From last year

:: Here's just another clip from a project last year in Intro to Audio. I recorded with Digital Performer and never got around to mixing or even bouncing any rough copies at all. So, here's a rough copy. I didn't do much to it, and I had to use some crappy earphones for monitoring, but at least it's not rotting away on my long lost hard drives and server folders and whatnot. Hopefully I'll soon be able to put up some clips of all my ORIGINAL sound files, just raw audio with no mixing or anything, so you can actually hear how I've changed them and mixed them to turn into the songs I've posted so far ::

UPDATE: File is now only available at http://musicianator.web.officelive.com/default.aspx


When engineers attack!

:: This is a truly unfortunate recording right here. This was my tenth week project from fall quarter, and it's...well, it's not something of which I'm entirely proud. But hey, it's something I've done, and I feel a certain obligation to my few loyal readers to post it on here.

So basically the band that I was going to record didn't show up. No big deal, whatever. My partner Max and I were basically forced to record ourselves. The parts you hear are the only parts there are: me on drums, me on piano, me on vocals, and Max on bass. The drums were miked with the M/S setting on a Shure Viper overhead and a spot on the kick; the piano was miked by setting the Viper to stereo and adding in a cardioid to try a real M/S stereo miking position; the bass was done with a single large diaphragm in front of the amp; and the vocals were actually achieved by me strapping on a binaural headset (Dr. Normar) and walking around as I talked. Enjoy ::

UPDATE: File is now only available at http://musicianator.web.officelive.com/default.aspx


A Whole New World

:: No, it's not about Disney (sorry all you Aladdin fans). It's the creation of a scene in an alien world using sound alone. This was our first project of the winter quarter for AAPW and focused on using our acquired skills creatively. The idea was to have a scene in mind first, then create that scene with any sound sources available to us. If you want to listen to the clip first and figure out what I envisioned, what I used to create the effects, or just want to create your own version of what this alien environment is like, then I suggest you click play and close your eyes right now, before I explain. I encourage you to NOT read on until you have listened.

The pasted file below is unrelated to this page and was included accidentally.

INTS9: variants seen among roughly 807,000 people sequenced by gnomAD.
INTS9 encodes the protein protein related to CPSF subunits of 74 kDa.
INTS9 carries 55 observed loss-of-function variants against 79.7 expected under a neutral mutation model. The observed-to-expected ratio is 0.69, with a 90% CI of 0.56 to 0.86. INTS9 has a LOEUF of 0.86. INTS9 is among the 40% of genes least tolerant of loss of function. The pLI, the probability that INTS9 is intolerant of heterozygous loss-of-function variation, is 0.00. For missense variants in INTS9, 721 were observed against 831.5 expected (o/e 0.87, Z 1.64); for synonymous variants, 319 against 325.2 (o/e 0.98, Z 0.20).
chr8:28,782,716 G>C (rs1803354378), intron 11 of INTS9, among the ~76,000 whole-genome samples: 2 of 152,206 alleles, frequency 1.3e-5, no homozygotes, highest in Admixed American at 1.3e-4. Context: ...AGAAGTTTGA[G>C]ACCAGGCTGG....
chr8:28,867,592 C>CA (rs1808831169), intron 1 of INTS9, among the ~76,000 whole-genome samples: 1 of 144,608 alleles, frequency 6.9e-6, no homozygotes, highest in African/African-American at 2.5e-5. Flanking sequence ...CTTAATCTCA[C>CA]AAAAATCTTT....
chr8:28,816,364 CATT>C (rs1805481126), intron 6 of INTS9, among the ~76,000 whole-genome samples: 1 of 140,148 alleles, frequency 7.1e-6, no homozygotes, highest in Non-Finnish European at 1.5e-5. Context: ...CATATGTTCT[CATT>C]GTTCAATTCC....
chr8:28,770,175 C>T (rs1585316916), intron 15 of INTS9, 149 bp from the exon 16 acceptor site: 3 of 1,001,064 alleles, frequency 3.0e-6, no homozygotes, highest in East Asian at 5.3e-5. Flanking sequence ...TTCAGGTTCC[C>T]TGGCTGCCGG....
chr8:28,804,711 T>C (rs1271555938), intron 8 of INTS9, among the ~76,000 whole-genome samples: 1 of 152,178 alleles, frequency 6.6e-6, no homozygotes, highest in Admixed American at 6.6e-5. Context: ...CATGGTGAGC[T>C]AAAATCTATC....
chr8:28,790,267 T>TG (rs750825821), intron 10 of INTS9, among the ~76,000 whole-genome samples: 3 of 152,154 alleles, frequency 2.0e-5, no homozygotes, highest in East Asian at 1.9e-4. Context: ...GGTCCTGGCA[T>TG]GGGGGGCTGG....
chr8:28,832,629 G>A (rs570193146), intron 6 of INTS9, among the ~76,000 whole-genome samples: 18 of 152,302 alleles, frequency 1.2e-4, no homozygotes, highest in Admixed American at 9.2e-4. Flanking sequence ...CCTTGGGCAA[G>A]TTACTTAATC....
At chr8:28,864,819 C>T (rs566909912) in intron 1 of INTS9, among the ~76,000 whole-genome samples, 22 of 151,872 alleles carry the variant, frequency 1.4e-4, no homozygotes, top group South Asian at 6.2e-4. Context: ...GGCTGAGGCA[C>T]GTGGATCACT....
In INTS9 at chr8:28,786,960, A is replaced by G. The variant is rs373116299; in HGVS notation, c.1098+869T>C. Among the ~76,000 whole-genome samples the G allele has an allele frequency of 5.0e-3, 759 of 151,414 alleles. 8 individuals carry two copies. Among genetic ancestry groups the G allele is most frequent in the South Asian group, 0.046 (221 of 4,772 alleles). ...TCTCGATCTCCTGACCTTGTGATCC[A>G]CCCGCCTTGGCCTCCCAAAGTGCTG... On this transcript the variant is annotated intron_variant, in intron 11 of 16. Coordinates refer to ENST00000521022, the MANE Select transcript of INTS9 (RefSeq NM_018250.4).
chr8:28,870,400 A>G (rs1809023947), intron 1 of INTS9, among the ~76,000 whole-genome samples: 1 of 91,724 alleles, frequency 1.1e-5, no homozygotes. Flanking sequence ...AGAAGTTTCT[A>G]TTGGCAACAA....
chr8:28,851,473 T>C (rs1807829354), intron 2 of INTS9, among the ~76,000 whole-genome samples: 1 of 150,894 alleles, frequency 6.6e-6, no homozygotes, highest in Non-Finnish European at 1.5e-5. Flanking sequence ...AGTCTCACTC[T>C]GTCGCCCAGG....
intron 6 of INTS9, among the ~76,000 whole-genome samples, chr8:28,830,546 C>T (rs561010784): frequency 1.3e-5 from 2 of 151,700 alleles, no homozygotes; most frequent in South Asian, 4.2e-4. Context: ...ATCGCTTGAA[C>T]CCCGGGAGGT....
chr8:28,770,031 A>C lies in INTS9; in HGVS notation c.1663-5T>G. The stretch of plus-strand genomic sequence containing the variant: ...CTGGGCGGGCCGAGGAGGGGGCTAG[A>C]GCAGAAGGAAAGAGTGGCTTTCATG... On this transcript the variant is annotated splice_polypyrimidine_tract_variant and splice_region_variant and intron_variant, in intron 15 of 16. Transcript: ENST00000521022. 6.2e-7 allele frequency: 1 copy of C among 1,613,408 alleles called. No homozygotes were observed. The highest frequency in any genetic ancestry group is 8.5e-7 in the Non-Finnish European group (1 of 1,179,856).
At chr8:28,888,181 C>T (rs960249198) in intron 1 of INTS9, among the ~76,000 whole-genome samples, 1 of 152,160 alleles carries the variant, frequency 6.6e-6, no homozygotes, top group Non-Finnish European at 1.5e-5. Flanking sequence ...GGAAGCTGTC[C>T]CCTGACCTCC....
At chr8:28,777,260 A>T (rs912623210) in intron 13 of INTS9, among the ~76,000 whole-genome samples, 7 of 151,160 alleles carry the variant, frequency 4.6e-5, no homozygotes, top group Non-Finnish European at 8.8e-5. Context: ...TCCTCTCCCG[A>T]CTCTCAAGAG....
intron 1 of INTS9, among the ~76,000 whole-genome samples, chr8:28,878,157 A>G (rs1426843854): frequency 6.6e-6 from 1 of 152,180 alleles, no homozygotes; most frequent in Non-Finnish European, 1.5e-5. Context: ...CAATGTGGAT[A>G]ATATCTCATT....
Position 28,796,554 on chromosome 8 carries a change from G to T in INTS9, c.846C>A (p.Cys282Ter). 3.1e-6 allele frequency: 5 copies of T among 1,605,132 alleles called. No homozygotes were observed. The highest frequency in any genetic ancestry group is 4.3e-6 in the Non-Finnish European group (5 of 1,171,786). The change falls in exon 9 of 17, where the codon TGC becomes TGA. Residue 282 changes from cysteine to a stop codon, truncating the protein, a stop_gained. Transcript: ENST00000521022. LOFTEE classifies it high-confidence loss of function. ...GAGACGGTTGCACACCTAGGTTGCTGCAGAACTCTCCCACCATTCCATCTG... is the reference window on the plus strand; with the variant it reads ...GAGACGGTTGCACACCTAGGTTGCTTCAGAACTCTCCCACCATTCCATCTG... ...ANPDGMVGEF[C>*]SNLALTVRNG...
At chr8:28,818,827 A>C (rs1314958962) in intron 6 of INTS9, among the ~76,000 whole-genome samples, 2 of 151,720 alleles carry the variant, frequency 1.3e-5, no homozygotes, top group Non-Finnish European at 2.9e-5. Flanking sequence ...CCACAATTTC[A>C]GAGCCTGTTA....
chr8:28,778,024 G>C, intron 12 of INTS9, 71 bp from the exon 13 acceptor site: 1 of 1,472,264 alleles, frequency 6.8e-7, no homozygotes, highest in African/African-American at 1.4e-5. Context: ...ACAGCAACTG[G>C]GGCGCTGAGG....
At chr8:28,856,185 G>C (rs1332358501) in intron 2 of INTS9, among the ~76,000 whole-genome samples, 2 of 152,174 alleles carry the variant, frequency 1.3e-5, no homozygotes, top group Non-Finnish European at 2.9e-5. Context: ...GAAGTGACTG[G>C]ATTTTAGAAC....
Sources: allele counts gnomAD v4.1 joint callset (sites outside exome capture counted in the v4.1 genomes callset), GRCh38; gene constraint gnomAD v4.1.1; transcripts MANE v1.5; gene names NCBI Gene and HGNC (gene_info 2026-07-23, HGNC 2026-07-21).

The original scene I played out in my head and later on in the computer is probably fairly obvious: a conversation between two alien creatures. To get the alien language, I wrote out a simple (and fairly strange) conversation and translated it into Spanish. I don't speak Spanish, so I had to use an online tool (freetranslation.com, very handy) to do it for me, and since you have to pay for idiomatic translation, I had to stick with a really rough literal one. I then recorded myself speaking both sides of the conversation and used a pitch-shifting tool in Pro Tools to differentiate each side and thus create two separate characters. Although they already sounded nothing like me, they still sounded human, and definitely still sounded like really bad Spanish. To overcome this, I simply reversed each segment of speech to result in the sound you hear in the recording. If you play this backwards, you will actually hear the Spanish words (although the conversation itself with be spoken chronologically backwards).

As for the ambient sounds, those were recorded in a previous session for a totally different reason. Those sounds were part of a noise composition for a student in another class who agreed that in return for recording her piece, I could use the sound clips for my project. The setting I created with these sounds for the alien dialogue was, hopefully, a spaceport bar. The bubbling and occasionally squealing sound represents some sort of drink with fuzzy creatures in it which are eaten as the liquid is drunk (like a worm in a margarita I suppose). This was originally a Dremel drilled against a pop can; a plug-in turned it into a delicious beverage. Way in the background of the noise, there is a strange reverberated squawking that was my flight announcer for the spaceport; this was simply a synth loop with some EQ and reverb used to throw it far away acoustically from the listener. The most obvious of the sounds is the spaceships themselves, swooping overhead. This was achieved by recording a bass guitar through a distortion and a wah pedal and then using simple volume and panning automation to bring it in and out of the picture. I will hopefully add some pictures of my miking setup later on when it's not midnight; for now, you'll have to just envision it all as you listen to my acoustic scifi ::

UPDATE: File is now only available at http://musicianator.web.officelive.com/default.aspx